The Week That Was

The Week That Was: All of Lawfare in One Post

By Vanessa Sauter
Saturday, December 16, 2017, 7:55 AM

Jordan Brunner commenced the week by reviewing the climate change provisions of the National Defense Authorization Act for fiscal year 2018. President Donald Trump signed the act on Tuesday. I posted his signing statement and speech.

On Wednesday, Rod Rosenstein testified before the House Judiciary Committee in an oversight hearing for the Department of Justice. Matthew Kahn posted the livestream of the hearing. Benjamin Wittes provided his thoughts on Rosenstein's testimony, highlighting the disturbing attempt by congressional Republicans to delegitimize Special Counsel Robert Mueller’s investigation.

Mieke Eoyang, Benjamin Freeman, and Wittes analyzed the latest Lawfare poll results on public confidence in the FBI and the Russia investigations—confidence that his higher than you might think from President Trump's comments. Stewart Baker discussed what Peter Strzok’s text messages might say about the FBI’s culture. Carrie Cordero also reflected on Rosenstein’s testimony, focusing on what the exchange between Rosenstein and Rep. Darrell Issa suggests about the truth underlying these investigations.

On the topic of truth, John Bellinger shared a resonant poem with Lawfare readers that some in Congress may want to read.

The military commissions are still in full gear. David Houck provided an update on United States v. al-Nashiri, where an ethics expert testified on the defense team’s withdrawal. After several weeks, United States v. Khalid Sheikh Mohammed et al. convened again. Chris Mirasola walked us through the legal proceedings. I also noted the new military commission charges against Riduan bin Isomuddin in the 2002 Bali bombings.

Matthew Kahn posted the criminal complaint against Akayed Ullah for the attempted suicide bombing in New York on Monday.

The U.S. District Court in Washington DC heard arguments this week in ACLU v. Mattis concerning whether the unnamed U.S. citizen, who has been held in custody as an enemy combatant for three months, should be represented in the case by counsel from the ACLU. Benjamin Wittes conceded that the detention of John Doe is, in contrast to his earlier argument, alarming. Amanda Tyler wrestled with the habeas corpus issues coming to the fore in the case.

Bobby Chesney and Steve Vladeck discussed these issues, and more, on the latest episode of the National Security Law Podcast:

How should governments handle children indoctrinated by the Islamic State who are now returning home? Robin Simcox evaluated the thorny issue in the latest Foreign Policy Essay.

Saria Samakie, a Syrian refugee and Georgetown freshman, joined Arne Duncan for an event at Brookings where he recounted his experience growing up in Syria. We shared the event audio on the Lawfare Podcast:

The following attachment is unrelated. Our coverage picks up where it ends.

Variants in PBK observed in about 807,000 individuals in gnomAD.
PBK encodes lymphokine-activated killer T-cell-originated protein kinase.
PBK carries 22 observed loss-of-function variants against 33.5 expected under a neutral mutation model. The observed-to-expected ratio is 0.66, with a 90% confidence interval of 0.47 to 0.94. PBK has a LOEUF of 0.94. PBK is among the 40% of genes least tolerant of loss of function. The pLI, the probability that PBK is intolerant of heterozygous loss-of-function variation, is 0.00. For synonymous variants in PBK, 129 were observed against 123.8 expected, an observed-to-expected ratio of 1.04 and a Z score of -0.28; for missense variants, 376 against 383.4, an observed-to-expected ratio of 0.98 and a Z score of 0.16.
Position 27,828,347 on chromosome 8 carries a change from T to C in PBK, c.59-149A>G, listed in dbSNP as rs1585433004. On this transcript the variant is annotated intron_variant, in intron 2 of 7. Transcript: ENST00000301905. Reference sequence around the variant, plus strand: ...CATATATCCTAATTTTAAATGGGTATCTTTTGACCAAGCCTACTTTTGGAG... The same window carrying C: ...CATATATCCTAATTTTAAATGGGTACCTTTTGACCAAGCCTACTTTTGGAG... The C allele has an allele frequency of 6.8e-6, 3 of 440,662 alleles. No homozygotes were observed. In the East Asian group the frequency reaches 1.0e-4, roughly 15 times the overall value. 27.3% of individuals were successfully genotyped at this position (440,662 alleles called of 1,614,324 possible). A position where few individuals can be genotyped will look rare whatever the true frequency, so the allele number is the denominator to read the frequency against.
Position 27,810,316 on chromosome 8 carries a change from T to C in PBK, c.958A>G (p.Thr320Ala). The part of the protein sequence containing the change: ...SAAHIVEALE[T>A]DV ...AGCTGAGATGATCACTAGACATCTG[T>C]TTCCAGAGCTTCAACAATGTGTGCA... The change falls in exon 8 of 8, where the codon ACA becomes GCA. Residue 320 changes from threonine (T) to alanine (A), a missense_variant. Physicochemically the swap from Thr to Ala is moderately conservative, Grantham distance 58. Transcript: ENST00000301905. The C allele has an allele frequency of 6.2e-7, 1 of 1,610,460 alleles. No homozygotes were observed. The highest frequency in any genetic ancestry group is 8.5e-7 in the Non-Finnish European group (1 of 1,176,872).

In an episode earlier in the week, Brookings scholar Alina Polyakova talked to Mikhail Zygar, a Russian independent journalist, filmmaker, and author of two books on the Kremlin’s elite circle:

Jack Goldsmith contended that mutual forbearance between the United States and Russia in domestic politics might not be such a bad idea. Meanwhile, Mieke Eoyang and Laura Holgate explained the dangers behind former national security advisor Michael Flynn’s nuclear advocacy, particularly his attempts to sell nuclear reactors in the Middle East.

On Wednesday, the Senate Foreign Relations Committee held a hearing on the use of force. Kahn posted the livestream of the hearing. He also shared the war powers report that the White House released on Dec. 11. Philip Carter argued that now is the time to consider how changing civil-military relations will be applied in future administrations.

On this week's episode of Rational Security, Susan Hennessey, Tamara Wittes, and Shane Harris talked about the most pressing national security issue of the week: a mysterious, cigar-shaped asteroid traveling in our solar system.

Arun Sukumar explored the significance of Judge Dalveer Bandhari’s reelection to the International Court of Justice.

Nicholas Weaver questioned whether Apple is fully complying with law enforcement on iMessage- and FaceTime-related court orders. Paul Rosenzweig joined a number of officials in filing an amicus brief in United States v. Microsoft.

In this week’s Cyberlaw Podcast, Baker interviewed Elsa Kania on China’s goal to implement artificial intelligence in its military.

Now that you’ve made it through another week with Lawfare, how about helping us building an app? Wittes shared a survey so that we can hear from you, our dear readers, to help make hard national security choices on Lawfare a little easier to find—and read about.

And that was the week that was.